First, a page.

Windsor Parents to Take Part in Queen's Park Autism Rally

A massive demonstration against proposed changes to Ontario's Autism program takes place today in Toronto..

As many as 10,000 people from across the province converge on Queen's Park at 11am Thursday including April Pare of Windsor.

Her seven-year-old daughter Addison has autism and Pare has been a vocal advocate for autism rights in the wake of program changes proposed by the Ford Government.

She says parents are not willing to accept the changes.

"We're not willing to accept what the plan they have come up with," says Pare.  "We want them to go back to the drawing board.  We want them to come up with a better plan because we can do better."

Last month, the Conservatives announced policy changes which would allow families who have children living with autism, the option to choose the services from the providers of their choice, on a fee-for-service basis.

For a child diagnosed with autism at age two, they would receive a budget of $140,000 over those 16 years or under $9000 per year. But critics of the changes argue that, in severe cases, treatment  can cost as much as $80,000 a year.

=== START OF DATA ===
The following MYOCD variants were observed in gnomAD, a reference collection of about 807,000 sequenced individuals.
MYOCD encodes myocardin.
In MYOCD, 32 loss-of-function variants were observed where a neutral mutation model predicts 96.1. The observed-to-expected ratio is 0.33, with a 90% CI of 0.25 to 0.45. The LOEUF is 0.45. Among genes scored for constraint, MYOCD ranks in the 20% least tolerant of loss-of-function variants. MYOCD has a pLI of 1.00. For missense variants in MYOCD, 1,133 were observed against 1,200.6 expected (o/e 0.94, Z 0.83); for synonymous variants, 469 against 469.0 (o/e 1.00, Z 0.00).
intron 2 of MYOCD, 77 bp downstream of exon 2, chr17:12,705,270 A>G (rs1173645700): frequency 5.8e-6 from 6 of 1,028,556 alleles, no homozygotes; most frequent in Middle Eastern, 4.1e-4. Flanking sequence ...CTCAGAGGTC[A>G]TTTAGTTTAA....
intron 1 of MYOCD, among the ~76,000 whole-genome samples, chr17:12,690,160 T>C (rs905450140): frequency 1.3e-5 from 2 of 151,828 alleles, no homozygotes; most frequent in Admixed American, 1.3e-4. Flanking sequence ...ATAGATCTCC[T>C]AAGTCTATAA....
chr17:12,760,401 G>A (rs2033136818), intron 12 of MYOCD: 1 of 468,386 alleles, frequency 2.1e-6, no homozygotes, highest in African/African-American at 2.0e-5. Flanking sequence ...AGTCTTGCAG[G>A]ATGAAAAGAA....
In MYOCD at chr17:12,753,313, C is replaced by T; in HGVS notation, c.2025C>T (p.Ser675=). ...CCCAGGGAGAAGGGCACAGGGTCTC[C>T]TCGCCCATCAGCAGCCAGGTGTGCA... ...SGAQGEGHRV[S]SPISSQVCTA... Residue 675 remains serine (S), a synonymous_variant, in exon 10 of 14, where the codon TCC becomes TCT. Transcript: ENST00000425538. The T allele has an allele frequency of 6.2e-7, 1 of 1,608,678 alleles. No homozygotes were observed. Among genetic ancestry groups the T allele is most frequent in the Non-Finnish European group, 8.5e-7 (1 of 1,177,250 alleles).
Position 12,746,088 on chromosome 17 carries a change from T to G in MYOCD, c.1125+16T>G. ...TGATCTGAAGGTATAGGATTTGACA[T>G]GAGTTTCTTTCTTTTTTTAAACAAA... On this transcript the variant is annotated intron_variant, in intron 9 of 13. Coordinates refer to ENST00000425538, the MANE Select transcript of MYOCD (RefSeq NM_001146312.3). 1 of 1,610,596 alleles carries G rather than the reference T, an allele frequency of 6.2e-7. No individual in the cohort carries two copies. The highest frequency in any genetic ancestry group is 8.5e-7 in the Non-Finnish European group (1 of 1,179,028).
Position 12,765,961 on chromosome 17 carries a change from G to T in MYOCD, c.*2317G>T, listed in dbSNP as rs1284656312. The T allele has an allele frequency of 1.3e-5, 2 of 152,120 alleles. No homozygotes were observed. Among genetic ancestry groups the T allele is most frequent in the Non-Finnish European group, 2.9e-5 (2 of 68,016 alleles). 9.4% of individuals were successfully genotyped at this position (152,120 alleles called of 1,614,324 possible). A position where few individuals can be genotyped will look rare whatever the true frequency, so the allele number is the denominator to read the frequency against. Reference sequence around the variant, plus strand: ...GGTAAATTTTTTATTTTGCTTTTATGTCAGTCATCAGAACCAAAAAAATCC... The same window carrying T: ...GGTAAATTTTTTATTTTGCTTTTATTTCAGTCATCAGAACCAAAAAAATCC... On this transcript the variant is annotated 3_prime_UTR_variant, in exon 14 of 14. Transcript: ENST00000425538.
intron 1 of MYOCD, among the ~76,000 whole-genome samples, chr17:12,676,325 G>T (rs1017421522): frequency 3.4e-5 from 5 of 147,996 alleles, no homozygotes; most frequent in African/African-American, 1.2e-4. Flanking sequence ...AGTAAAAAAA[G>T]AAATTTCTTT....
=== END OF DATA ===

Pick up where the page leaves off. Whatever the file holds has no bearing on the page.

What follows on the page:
Pare says the province has to do better.

"We're not alone in this," says Pare.  "There are plenty of parents that are just not willing to accept that this is the best program that they can come up with."  

She says parents are stressed and tired.

"Not only are we trying to fight a battle we had to fight two years ago, that the Ford government told us we wouldn't have to fight again, but we're taking care of our kids on top of that, right," says Pare.  "You got a lot of parents who are already stressed out and burnt out and you add all of the stress where the funding is going to come from, how am I going to get my child help on top of all of that and you got families in crisis."

Families of children with autism say the plan unveiled last month by Social Services Minister Lisa MacLeod will leave kids without access to the level of treatment they need.

MacLeod has faced severe criticism over the revamped program, which aims to clear a wait list of 23,000 children by providing direct funding to all kids diagnosed as being on the autism spectrum.

The new program kicks in on April 1, and families say they are still lacking details of how it will work.

MacLeod says she won't be going to the protest on the lawn of the legislature because the tone of the debate has raised concerns about her personal safety.

Her office says MacLeod has received threats against her life through social media and by phone, and a spokesman says police have been contacted.